9th Conference European Sociological Association

RN22 Sociology of Risk and Uncertainty

2009-09-05 09:00:00 2009-09-05 10:30:00 Saturday, 5 September 09:00 - 10:30 Open Session III Building I, 2E4

Dealing with Climate Change Related Uncertainties: Shifts in Flood Protection Policies in the Tisza River Basin

Dealing with Climate Change Related Uncertainties: Shifts in Flood Protection Policies in the Tisza River Basin.

Climate change impacts are widely recognised but the level of uncertainties involved in predictions is still significant. According to climate models, weather extremes are likely to increase, and indeed the amount of weather related disasters and the scale of losses have increased substantially. However, a direct influence of climate change on the losses is not proven (Hoeppe et al., 2006; Kundzewicz 2005). It poses a challenge to adaptation policies. In the Hungarian Tisza River basin new records of water level were observed in the last decade. As a result of the devastating floods at the end of 1990s a large-scale flood protection and water management plan for the Tisza River was launched.

The conflicts and difficulties in the implementation resulted in alterations in the plan undermining the dominant position of the structural protection initially proposed. Non-structural options, proposed by a coalition of NGOs, academic institutions and local stakeholders were included in the plan.

In the paper we analyse modifications of the flood protection in the Tisza River Basin taking into account the uncertainties connected with the climate change. We explore how uncertainties affect development of floods risk policies. We employ the Thompson?s (2008) concept on forms of solidarities in the analysis of positions taken by stakeholders involved in the plan preparation and implementation. The concept proposes that the models of understanding the nature, selecting information, and disposition to action influence decision-making.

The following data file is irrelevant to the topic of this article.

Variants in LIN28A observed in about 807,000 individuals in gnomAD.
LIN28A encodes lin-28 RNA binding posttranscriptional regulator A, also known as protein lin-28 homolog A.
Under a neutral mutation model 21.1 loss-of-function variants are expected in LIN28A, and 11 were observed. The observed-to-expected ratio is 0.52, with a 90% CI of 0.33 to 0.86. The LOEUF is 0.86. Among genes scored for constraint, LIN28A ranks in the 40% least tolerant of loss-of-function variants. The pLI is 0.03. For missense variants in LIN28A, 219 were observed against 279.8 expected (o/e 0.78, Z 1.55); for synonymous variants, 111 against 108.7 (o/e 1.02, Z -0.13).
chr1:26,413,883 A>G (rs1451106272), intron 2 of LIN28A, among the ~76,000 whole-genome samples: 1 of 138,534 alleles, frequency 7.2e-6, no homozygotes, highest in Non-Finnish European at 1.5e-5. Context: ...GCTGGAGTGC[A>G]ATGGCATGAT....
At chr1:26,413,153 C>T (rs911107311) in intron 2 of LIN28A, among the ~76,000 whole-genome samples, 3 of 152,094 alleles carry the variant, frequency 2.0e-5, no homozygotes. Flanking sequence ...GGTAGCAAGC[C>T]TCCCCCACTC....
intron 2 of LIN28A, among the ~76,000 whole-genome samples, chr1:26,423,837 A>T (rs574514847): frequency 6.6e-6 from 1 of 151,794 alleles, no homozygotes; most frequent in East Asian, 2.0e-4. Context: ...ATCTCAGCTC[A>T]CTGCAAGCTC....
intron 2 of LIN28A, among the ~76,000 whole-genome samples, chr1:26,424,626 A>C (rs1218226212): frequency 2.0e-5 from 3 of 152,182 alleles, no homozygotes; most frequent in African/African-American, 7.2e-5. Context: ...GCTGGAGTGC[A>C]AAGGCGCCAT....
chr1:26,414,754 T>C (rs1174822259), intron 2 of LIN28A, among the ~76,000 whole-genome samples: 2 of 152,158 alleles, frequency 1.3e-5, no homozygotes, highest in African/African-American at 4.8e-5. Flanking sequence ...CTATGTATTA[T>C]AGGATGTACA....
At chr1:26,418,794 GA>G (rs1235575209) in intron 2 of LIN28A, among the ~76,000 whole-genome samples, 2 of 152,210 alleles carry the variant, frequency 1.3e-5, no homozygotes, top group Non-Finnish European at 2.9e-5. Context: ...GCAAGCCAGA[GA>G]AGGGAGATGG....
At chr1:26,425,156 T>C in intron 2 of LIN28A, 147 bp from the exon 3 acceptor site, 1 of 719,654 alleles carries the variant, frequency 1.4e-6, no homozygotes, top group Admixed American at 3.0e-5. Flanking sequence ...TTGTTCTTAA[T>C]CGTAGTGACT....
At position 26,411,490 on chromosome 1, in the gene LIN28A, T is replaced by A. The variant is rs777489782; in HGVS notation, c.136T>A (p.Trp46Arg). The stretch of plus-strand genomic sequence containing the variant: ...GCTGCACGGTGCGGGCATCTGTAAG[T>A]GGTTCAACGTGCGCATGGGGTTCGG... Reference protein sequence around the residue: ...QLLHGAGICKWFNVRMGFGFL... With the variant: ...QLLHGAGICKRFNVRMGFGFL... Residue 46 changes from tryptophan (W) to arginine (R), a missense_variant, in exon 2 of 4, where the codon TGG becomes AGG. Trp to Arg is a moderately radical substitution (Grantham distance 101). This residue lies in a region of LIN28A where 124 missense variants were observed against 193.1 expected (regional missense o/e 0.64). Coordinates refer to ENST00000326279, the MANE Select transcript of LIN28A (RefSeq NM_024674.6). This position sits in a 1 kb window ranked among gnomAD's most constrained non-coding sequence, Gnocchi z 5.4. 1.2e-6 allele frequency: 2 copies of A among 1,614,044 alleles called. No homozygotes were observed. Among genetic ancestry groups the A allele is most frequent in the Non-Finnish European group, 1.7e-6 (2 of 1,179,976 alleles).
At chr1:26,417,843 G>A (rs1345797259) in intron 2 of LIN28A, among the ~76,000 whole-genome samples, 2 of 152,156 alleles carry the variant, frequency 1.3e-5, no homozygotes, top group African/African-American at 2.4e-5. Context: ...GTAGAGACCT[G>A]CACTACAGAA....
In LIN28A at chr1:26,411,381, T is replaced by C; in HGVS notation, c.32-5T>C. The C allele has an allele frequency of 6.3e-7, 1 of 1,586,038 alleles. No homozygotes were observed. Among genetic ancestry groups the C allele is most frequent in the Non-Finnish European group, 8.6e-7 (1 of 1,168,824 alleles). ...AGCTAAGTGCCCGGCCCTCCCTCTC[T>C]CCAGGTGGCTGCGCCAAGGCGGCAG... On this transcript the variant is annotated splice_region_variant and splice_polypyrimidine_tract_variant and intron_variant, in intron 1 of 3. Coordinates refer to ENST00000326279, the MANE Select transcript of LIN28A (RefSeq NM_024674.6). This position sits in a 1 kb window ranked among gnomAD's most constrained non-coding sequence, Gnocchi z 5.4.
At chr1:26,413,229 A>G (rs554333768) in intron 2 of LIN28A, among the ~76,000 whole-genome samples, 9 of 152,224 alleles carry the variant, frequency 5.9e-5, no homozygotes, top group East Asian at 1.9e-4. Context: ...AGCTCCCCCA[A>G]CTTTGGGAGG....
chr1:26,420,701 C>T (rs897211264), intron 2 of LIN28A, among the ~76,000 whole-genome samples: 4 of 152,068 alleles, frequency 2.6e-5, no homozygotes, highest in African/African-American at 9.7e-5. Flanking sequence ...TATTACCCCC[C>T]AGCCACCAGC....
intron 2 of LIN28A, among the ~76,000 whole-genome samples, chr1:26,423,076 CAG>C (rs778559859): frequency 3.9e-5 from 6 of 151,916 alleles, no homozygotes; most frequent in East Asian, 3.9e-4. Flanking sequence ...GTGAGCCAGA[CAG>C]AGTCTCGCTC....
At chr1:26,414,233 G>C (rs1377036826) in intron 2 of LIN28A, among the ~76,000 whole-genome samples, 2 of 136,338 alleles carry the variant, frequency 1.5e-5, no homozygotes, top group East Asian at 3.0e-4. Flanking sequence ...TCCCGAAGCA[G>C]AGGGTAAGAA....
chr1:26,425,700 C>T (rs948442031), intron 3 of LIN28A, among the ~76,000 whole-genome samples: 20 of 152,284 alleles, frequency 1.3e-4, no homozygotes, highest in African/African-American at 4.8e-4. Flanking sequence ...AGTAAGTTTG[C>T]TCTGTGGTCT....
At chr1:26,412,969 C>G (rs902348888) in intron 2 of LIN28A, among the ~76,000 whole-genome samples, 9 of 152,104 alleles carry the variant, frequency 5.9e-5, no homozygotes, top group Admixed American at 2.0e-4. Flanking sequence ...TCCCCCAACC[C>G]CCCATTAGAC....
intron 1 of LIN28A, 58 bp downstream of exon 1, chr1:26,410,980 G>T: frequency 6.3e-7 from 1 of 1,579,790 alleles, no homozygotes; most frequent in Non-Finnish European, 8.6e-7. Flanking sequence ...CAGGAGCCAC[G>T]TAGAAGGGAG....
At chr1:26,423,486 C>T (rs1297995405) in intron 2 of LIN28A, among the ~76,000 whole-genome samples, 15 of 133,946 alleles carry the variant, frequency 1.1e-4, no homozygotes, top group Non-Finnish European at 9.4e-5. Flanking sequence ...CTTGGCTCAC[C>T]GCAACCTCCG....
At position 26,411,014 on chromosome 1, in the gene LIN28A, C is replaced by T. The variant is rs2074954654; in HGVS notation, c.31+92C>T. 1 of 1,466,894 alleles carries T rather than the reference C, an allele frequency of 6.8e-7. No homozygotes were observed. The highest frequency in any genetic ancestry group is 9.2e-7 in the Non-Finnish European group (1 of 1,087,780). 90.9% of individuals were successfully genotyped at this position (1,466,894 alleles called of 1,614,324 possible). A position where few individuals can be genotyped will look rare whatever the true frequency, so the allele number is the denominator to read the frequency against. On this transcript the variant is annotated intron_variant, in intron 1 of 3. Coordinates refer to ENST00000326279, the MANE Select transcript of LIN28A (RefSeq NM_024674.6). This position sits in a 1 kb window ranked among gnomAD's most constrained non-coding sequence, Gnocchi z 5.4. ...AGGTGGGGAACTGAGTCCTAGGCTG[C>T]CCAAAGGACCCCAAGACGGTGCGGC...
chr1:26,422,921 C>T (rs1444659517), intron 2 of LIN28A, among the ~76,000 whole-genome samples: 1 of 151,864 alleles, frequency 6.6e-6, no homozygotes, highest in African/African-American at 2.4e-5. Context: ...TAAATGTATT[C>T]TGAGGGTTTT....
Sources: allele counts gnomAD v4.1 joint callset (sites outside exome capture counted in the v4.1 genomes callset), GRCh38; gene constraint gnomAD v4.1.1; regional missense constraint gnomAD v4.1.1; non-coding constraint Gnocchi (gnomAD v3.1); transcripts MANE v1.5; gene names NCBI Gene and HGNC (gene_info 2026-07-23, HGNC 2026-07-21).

In order to collect data we carried out in-depth interviews with stakeholders and experts. We also organized a workshop focused on adaptation options to climate change where we gathered Hungarian and non-Hungarian flood experts.

The analysis shows that hierarchical and egalitarian actors were initially represented in the dispute over the plan, having two competing views on uncertainty reduction. Individualist, market oriented actors acted behind the scene. A budget shortage, which occurred during the course of the program implementation, helped to equalize the power of actors. However, finding a solution acceptable by all main actors is still difficult to reach.